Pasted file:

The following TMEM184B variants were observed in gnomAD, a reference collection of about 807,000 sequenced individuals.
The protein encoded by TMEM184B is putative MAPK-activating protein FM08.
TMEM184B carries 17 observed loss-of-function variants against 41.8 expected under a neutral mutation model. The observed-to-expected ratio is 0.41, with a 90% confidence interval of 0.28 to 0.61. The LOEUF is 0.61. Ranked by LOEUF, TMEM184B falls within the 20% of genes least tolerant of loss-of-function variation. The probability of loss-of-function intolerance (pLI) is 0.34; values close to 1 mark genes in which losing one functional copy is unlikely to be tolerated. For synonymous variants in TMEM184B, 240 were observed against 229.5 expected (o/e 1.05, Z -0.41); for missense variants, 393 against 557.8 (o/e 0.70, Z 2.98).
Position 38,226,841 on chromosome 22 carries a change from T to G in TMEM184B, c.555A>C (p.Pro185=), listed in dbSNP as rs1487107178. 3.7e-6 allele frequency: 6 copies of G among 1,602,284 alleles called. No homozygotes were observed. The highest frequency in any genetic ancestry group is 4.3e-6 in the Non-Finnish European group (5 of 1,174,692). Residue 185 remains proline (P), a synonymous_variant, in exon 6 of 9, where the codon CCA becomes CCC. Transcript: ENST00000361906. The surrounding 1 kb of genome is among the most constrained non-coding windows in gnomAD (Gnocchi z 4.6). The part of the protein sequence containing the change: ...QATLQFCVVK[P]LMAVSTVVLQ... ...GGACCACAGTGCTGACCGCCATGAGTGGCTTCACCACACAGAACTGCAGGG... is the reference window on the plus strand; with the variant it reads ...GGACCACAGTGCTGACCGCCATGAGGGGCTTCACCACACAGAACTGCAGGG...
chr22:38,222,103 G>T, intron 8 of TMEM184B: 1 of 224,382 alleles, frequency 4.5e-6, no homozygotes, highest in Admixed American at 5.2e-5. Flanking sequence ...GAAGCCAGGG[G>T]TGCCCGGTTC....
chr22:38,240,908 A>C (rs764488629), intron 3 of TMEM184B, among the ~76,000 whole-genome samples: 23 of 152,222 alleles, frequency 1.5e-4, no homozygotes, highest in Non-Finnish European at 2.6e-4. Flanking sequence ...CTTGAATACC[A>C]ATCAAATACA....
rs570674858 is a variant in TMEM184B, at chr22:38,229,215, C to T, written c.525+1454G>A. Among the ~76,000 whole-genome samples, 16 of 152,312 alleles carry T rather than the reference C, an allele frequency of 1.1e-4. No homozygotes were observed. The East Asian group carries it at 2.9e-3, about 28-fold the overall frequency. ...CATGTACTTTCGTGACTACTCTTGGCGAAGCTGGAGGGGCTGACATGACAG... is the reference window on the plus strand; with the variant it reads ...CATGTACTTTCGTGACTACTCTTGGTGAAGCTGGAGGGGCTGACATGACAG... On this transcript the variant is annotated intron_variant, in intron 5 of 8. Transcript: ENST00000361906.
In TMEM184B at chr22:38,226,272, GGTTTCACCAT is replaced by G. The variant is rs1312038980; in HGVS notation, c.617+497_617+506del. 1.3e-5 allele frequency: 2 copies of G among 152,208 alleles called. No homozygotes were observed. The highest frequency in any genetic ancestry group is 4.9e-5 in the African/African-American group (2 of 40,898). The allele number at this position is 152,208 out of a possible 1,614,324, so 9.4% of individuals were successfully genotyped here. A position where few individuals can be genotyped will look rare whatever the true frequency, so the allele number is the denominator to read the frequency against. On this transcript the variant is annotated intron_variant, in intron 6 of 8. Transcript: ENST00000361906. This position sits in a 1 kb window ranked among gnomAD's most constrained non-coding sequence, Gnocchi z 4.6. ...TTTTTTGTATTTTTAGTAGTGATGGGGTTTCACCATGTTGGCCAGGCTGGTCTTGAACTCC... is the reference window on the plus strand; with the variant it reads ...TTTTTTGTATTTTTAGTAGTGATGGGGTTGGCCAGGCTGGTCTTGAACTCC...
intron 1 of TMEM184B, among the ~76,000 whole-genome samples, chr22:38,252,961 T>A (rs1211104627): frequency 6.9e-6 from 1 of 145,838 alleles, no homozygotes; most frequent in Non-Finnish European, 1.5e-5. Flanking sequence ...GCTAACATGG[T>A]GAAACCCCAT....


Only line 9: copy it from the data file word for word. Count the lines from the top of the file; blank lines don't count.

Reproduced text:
intron 1 of TMEM184B, among the ~76,000 whole-genome samples, chr22:38,252,961 T>A (rs1211104627): frequency 6.9e-6 from 1 of 145,838 alleles, no homozygotes; most frequent in Non-Finnish European, 1.5e-5. Flanking sequence ...GCTAACATGG[T>A]GAAACCCCAT....